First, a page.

The Ulysse Nardin Marine collection welcomes a new Torpilleur model to its ranks. Released in honor of the Monaco Yacht Show, the Ulysse Nardin Marine Torpilleur Monaco Yacht Show watch employs the standard dial layout as used on all but four of the Torpilleur models (the alternative, a single-sub-dial layout, can be seen on the Torpilleur Military models we reviewed earlier this year). What sets this exclusive limited-edition aside from its peers, however, is the complicated three-piece enameled dial that has been created using the traditional techniques of grand feu.
The dial is made by Donzé Cadrans, a dial manufacturing specialist owned by Ulysse Nardin. Donzé Cadrans follows the traditional path when it comes to enameling dials, achieving a labor-intensive, thoroughly rewarding result.
Starting with a copper disc, a trained artisan dusts the copper with vitreous enamel powder before firing at approximately 800°C. Fascinatingly, although the markings on the Ulysse Nardin Marine Torpilleur Monaco Yacht Show watch appear to be pad printed (and so sitting on the surface of the enamel), they are actually made from fired enamel themselves.
The dial decorations are applied in a similar method to traditional pad printing (see the images of the crushed enamel powder being scraped into an engraved dial decoration plate before being deposited in place by a silicon ball), but the dial is then refired, fusing this second layer of enamel to the first. This also levels the surface of the dial for an intriguing visual effect.
Before the dials are fitted to the case they need to be cut down to size and the two separately decorated sub-dials are soldered in place. Although it is not the most durable material in the world, the enamel dial is immutable and resistant to UV rays, which makes it surprisingly suitable for life on deck.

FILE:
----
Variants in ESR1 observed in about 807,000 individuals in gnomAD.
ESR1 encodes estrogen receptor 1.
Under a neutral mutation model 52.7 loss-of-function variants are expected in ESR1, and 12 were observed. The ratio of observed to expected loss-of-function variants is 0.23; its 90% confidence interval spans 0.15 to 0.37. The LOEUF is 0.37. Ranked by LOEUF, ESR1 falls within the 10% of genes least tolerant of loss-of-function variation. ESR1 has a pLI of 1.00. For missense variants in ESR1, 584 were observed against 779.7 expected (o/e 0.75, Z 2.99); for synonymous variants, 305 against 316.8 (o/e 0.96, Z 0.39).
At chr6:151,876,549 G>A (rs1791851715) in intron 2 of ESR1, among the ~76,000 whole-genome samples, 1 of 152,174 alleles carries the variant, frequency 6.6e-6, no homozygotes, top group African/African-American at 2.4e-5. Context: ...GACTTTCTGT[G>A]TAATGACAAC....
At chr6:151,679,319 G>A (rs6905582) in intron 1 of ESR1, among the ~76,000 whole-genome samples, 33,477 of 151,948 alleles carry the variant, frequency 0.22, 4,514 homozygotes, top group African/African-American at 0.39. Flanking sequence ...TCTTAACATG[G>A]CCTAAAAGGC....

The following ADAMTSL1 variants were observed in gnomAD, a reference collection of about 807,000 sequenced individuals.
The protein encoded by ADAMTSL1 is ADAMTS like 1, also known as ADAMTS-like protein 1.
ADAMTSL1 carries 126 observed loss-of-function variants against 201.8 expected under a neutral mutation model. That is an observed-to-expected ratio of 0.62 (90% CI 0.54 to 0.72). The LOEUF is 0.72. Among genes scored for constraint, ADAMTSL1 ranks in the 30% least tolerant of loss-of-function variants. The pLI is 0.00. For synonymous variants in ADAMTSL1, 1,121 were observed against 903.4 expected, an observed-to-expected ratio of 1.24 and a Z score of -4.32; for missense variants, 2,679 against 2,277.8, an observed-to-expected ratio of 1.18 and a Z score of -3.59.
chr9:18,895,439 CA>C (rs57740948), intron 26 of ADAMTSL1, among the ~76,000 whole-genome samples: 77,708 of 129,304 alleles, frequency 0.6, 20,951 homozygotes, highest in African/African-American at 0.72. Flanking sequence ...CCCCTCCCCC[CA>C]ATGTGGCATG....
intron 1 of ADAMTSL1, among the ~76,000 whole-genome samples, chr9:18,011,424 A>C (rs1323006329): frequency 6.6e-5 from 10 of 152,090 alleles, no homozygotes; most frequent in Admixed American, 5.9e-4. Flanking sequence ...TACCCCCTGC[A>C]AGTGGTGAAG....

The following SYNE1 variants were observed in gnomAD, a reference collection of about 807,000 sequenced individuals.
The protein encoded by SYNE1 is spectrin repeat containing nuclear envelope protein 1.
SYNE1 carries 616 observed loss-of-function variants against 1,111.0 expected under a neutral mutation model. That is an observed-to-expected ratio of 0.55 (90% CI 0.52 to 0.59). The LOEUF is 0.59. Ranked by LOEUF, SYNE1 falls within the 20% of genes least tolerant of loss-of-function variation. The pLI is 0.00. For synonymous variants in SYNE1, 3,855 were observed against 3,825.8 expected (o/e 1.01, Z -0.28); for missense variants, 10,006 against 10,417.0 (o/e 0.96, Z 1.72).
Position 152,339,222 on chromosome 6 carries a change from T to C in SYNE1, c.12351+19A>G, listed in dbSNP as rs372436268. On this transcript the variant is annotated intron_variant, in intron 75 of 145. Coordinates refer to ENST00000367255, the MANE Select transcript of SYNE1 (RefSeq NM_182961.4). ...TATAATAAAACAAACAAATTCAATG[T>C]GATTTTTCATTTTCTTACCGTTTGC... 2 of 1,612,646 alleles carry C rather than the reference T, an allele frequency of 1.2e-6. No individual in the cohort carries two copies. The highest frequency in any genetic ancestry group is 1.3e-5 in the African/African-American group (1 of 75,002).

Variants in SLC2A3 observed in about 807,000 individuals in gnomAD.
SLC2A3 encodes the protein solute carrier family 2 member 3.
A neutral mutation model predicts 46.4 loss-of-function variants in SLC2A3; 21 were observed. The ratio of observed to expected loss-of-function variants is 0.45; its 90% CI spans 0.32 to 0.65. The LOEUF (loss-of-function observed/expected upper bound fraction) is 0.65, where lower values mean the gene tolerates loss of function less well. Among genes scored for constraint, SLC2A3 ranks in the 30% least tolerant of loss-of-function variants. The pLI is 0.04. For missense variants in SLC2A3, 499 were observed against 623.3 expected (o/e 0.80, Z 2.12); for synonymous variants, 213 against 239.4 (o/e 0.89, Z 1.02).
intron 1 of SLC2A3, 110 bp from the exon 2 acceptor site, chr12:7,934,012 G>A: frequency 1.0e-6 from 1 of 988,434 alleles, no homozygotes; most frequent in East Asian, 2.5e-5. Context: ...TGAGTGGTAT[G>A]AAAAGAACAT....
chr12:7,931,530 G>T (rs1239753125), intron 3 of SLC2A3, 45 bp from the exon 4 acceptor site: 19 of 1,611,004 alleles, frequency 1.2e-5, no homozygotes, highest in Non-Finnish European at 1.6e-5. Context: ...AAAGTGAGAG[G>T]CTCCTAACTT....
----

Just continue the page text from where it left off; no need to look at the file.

Ulysse Nardin is making a statement with this watch, attempting to reaffirm its reputation as a watchmaker capable of producing instruments able to withstand the harsh realities of life at sea. While this model, and the entire Torpilleur collection, to be honest, are perhaps more suited to the wrists of captains and officers rather than those taking care of business in the engine room, UN does produce some very hardy timepieces that live up to the brand’s historical reputation, like the Ulysse Nardin Diver Chronometer. Viewing the brand’s entire output contextualizes this reputational desire somewhat, and the fact the partnership with the Monaco Yacht Show is a long-standing one (11 years) adds a bit of credibility to the project.
The watch is powered by the in-house UN-118 movement, which is an automatic caliber with a 60-hour power reserve (tracked by the smaller sub-dial at 12 o’clock). The UN-118 boasts a silicon escapement and is a COSC-certified chronometer, meaning it is perfectly capable of being used as a navigational tool on the high seas. There will be just 100 pieces made, with a retail price of CHF 9,500. Learn more at ulysse-nardin.com.